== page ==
Having a look at the truck / plane pull reveals that a strongman does not perform one single pull (or thrust forward), but instead exerts a sustained set of continuous repetitive pulls. His strength conditioning involves momentum. He does not explode with one pull alone but uses the speed from each pull to drive the next pull. Bodybuilders often avoid this sort of training as momentum uses physics rather than muscle fibre to make the weights move in their training motion. Each pull from the strongman slackens the rope before being pulled again. Friction causes the truck to slow down after each pull. This strongman event is likened to a strength training exercise of performing a 220 Kg squat for more than 40 repetitions in less than 30-40 seconds.  Does that sound doable to you?

What does all this have to do with Rugby? The World Cup is not too far away and a lot needs to be done in preparation. Strength training and more so – functional strength training, is likely to be the decisive factor in the Rugby World Cup 2011. The Tri Nations 2009 revealed that strength, force and endurance crowned South Africa the victors. There is just about time for teams across the world to tap into functional strength training and drink the spoils of warrior grade training. Who better does one learn from than the kings of strength and endurance? The strongman.     

Rugby League or Rugby Union; it really does not matter which version of the game you play. Driving forward with consistent force, sustained waves of attack with the hope of penetrating the opposition defences and forming thundering walls of defence are part and parcel of the game. The strongman truck pull immediately reminds me of the Rugby Union scrum. The body positioning, the stances and the goals i.e. moving forward against a force, (the force of the opposition scrum and the frictional force on the truck are in the same directions!) are strikingly similar. Following the strongman example, if a rugby player positions himself at a 45 degree angle when driving forward, he is likely to exert the most force and power. Thereby he is able to achieve the most from his strength training through the leverage of his angle of attack. When the whole scrum comes together in this formation they are a force to be reckoned with. Some scrum teams weigh over a tonne and I wonder how many 747 s they would be able to pull. The scrum also needs to move forward in repetitive bursts of thrusting forward. They all need to be synchronized to exert the most force. I immediately begin to envision the movie 300 where the Spartan Warriors came together to form a defensive shielded group that thrust forward in synchronized harmony. The maximum force is exerted in this manner.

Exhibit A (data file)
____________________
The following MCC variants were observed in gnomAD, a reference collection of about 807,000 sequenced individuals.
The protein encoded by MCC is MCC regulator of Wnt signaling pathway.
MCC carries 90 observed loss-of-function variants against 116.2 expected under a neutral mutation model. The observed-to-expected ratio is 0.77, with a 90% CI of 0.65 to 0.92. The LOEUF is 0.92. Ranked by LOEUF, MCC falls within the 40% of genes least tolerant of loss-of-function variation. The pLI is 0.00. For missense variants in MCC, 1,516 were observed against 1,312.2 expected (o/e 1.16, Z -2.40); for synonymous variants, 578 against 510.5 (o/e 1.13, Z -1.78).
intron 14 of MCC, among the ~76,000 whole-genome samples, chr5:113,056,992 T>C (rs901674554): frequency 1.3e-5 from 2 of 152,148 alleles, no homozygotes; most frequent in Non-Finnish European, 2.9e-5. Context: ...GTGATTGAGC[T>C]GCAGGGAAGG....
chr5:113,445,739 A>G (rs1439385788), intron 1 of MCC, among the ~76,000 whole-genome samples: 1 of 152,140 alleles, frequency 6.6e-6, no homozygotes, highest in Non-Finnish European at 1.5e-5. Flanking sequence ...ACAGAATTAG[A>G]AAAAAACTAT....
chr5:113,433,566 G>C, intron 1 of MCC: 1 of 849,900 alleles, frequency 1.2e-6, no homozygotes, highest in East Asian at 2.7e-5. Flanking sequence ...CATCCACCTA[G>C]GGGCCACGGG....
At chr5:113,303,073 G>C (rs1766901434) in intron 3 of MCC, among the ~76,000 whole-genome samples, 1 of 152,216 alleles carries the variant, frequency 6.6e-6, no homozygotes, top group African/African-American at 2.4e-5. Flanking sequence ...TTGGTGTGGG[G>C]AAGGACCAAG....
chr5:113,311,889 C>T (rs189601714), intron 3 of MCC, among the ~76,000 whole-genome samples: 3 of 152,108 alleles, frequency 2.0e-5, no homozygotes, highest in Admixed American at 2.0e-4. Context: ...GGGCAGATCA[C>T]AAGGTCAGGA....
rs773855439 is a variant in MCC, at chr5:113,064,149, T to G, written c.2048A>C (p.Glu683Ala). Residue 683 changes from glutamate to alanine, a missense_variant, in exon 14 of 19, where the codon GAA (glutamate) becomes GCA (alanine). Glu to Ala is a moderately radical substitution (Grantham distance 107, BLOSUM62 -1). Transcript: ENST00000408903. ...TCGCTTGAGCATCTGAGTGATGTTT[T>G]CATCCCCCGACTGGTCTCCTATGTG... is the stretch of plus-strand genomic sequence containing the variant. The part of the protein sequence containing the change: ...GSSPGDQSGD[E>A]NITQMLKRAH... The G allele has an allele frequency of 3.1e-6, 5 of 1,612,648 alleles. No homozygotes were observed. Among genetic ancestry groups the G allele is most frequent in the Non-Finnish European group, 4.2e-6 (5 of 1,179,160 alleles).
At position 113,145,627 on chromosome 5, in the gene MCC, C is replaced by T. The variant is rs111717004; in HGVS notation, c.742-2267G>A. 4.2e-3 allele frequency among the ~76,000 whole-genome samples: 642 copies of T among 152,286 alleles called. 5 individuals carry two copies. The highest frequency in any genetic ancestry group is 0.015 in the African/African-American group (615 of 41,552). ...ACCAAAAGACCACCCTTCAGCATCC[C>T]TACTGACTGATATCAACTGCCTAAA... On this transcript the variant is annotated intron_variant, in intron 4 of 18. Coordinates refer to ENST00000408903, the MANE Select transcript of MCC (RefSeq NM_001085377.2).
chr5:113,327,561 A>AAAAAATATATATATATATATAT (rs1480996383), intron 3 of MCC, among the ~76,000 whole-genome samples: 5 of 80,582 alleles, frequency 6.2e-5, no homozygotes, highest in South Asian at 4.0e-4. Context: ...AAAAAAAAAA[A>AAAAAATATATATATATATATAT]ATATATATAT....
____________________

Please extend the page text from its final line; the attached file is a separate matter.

Most crowd pleasing moments in the game of rugby are when a carrier or defender are pummelled to the grass in a tackle. The more ‘road runner cartoon type’ the tackle, the more reaction one gets from the crowd. We are like the ancient Romans during the gladiator battles. Most ‘victims’ of such tackles are those who stood tall in the tackle. We learned that if you position yourself above 45 degrees you may have issues with balance and you certainly cannot exert much force whilst you are not balanced. Your centre of gravity / mass is easily shifted from a point of balance and you could easily be tipped over no matter how strong, powerful or heavy you are. If you are below 45 degrees you are likely to fall forward or slip in wet grassy conditions. At 45 degrees any defender has a fair chance of using his utmost strength to floor an attacker. Any attacker is most effective when maintaining a 45 degree angle when charging forward. Any defenders caught above or below 45 degrees are vulnerable and open up a weak link in the 300 Spartan Warrior formation. They will also find it hard pressed to get down to position quick enough. As a carrier, keep your eyes always open for such opportunities. As a defender, always keep to formation.